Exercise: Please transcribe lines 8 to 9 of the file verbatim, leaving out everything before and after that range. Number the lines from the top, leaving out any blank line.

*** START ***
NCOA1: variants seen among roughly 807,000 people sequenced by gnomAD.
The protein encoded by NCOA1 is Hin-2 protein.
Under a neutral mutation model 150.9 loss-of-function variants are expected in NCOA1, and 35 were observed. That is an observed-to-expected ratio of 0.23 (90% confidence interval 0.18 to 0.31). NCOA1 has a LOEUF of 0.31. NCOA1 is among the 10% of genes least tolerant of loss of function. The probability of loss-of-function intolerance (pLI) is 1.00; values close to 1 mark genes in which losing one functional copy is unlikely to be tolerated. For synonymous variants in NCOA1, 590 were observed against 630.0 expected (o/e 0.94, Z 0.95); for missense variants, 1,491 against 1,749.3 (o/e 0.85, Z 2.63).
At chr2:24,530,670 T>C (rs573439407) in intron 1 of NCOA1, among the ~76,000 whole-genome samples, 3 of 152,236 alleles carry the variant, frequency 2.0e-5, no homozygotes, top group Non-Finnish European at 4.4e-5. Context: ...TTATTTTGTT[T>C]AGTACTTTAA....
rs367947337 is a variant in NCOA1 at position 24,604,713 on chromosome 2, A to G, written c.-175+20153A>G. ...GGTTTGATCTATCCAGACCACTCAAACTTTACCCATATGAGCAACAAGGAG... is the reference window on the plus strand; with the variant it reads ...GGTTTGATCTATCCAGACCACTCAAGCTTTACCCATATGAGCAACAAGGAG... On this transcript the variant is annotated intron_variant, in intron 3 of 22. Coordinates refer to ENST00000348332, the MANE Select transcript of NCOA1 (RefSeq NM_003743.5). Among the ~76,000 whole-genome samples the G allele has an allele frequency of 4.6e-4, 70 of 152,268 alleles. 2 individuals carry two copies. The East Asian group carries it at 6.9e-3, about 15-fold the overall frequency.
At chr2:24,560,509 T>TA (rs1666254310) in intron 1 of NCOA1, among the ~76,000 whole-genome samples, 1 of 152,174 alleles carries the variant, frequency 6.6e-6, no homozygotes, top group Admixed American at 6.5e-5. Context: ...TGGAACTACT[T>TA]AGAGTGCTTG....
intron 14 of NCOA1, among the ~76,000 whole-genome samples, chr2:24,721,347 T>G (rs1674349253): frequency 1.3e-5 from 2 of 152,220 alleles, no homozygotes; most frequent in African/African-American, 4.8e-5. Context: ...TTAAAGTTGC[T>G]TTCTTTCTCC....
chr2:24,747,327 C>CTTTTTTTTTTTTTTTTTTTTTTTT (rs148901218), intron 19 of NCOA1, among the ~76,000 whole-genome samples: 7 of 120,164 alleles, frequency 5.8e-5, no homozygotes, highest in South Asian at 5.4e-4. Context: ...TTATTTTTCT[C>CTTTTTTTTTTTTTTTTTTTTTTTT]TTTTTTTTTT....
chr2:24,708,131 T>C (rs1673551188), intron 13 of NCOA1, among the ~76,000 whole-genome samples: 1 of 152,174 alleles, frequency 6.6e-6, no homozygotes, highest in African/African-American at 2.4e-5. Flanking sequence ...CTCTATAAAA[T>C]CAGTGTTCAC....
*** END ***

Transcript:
chr2:24,747,327 C>CTTTTTTTTTTTTTTTTTTTTTTTT (rs148901218), intron 19 of NCOA1, among the ~76,000 whole-genome samples: 7 of 120,164 alleles, frequency 5.8e-5, no homozygotes, highest in South Asian at 5.4e-4. Context: ...TTATTTTTCT[C>CTTTTTTTTTTTTTTTTTTTTTTTT]TTTTTTTTTT....
chr2:24,708,131 T>C (rs1673551188), intron 13 of NCOA1, among the ~76,000 whole-genome samples: 1 of 152,174 alleles, frequency 6.6e-6, no homozygotes, highest in African/African-American at 2.4e-5. Flanking sequence ...CTCTATAAAA[T>C]CAGTGTTCAC....